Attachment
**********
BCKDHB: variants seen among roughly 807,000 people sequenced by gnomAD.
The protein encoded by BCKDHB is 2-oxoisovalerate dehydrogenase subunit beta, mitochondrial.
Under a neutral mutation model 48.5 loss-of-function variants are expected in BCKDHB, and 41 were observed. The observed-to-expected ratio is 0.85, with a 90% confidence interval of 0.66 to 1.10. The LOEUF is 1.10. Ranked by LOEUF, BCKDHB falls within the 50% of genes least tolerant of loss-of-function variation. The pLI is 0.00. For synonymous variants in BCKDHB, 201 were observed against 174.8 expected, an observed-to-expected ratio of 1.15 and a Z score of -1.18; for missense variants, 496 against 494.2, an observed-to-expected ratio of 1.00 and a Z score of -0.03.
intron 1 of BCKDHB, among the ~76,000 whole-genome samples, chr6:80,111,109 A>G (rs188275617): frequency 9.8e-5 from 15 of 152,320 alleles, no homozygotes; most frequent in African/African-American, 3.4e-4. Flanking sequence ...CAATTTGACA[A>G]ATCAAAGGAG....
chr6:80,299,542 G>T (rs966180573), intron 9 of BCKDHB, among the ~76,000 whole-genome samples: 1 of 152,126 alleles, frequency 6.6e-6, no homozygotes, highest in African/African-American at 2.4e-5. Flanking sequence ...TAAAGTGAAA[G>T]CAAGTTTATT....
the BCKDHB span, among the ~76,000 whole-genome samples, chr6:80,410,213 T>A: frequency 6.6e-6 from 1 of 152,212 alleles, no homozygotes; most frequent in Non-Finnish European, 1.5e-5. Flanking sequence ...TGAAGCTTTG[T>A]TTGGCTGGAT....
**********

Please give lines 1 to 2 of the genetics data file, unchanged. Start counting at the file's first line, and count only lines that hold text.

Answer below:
BCKDHB: variants seen among roughly 807,000 people sequenced by gnomAD.
The protein encoded by BCKDHB is 2-oxoisovalerate dehydrogenase subunit beta, mitochondrial.